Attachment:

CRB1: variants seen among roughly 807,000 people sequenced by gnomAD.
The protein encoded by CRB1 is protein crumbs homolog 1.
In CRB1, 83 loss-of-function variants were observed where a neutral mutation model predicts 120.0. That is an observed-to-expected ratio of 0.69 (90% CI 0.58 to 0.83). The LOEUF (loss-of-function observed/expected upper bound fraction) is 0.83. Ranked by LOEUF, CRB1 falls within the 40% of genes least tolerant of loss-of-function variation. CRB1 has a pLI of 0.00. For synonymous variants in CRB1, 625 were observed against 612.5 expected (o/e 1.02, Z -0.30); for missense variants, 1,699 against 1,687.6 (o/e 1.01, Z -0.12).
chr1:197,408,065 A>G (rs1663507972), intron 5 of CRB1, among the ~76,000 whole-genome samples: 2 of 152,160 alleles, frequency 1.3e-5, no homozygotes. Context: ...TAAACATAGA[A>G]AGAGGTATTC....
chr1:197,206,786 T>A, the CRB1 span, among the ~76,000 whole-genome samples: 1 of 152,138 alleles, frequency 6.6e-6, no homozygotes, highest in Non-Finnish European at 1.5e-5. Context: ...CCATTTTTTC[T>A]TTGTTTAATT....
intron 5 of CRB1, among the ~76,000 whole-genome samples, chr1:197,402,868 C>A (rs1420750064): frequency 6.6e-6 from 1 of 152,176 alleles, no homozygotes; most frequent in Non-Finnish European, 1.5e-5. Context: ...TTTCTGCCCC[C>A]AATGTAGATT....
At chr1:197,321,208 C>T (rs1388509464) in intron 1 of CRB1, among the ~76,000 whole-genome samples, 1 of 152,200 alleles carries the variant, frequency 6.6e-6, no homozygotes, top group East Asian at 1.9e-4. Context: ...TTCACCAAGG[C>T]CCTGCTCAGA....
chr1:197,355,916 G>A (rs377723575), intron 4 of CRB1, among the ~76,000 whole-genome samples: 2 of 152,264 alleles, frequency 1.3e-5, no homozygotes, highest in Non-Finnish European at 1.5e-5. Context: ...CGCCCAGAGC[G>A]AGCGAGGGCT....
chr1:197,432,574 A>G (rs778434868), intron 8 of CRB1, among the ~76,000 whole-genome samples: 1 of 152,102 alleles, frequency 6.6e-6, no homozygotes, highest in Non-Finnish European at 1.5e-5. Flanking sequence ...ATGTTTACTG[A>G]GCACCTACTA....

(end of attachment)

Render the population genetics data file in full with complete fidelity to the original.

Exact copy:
CRB1: variants seen among roughly 807,000 people sequenced by gnomAD.
The protein encoded by CRB1 is protein crumbs homolog 1.
In CRB1, 83 loss-of-function variants were observed where a neutral mutation model predicts 120.0. That is an observed-to-expected ratio of 0.69 (90% CI 0.58 to 0.83). The LOEUF (loss-of-function observed/expected upper bound fraction) is 0.83. Ranked by LOEUF, CRB1 falls within the 40% of genes least tolerant of loss-of-function variation. CRB1 has a pLI of 0.00. For synonymous variants in CRB1, 625 were observed against 612.5 expected (o/e 1.02, Z -0.30); for missense variants, 1,699 against 1,687.6 (o/e 1.01, Z -0.12).
chr1:197,408,065 A>G (rs1663507972), intron 5 of CRB1, among the ~76,000 whole-genome samples: 2 of 152,160 alleles, frequency 1.3e-5, no homozygotes. Context: ...TAAACATAGA[A>G]AGAGGTATTC....
chr1:197,206,786 T>A, the CRB1 span, among the ~76,000 whole-genome samples: 1 of 152,138 alleles, frequency 6.6e-6, no homozygotes, highest in Non-Finnish European at 1.5e-5. Context: ...CCATTTTTTC[T>A]TTGTTTAATT....
intron 5 of CRB1, among the ~76,000 whole-genome samples, chr1:197,402,868 C>A (rs1420750064): frequency 6.6e-6 from 1 of 152,176 alleles, no homozygotes; most frequent in Non-Finnish European, 1.5e-5. Context: ...TTTCTGCCCC[C>A]AATGTAGATT....
At chr1:197,321,208 C>T (rs1388509464) in intron 1 of CRB1, among the ~76,000 whole-genome samples, 1 of 152,200 alleles carries the variant, frequency 6.6e-6, no homozygotes, top group East Asian at 1.9e-4. Context: ...TTCACCAAGG[C>T]CCTGCTCAGA....
chr1:197,355,916 G>A (rs377723575), intron 4 of CRB1, among the ~76,000 whole-genome samples: 2 of 152,264 alleles, frequency 1.3e-5, no homozygotes, highest in Non-Finnish European at 1.5e-5. Context: ...CGCCCAGAGC[G>A]AGCGAGGGCT....
chr1:197,432,574 A>G (rs778434868), intron 8 of CRB1, among the ~76,000 whole-genome samples: 1 of 152,102 alleles, frequency 6.6e-6, no homozygotes, highest in Non-Finnish European at 1.5e-5. Flanking sequence ...ATGTTTACTG[A>G]GCACCTACTA....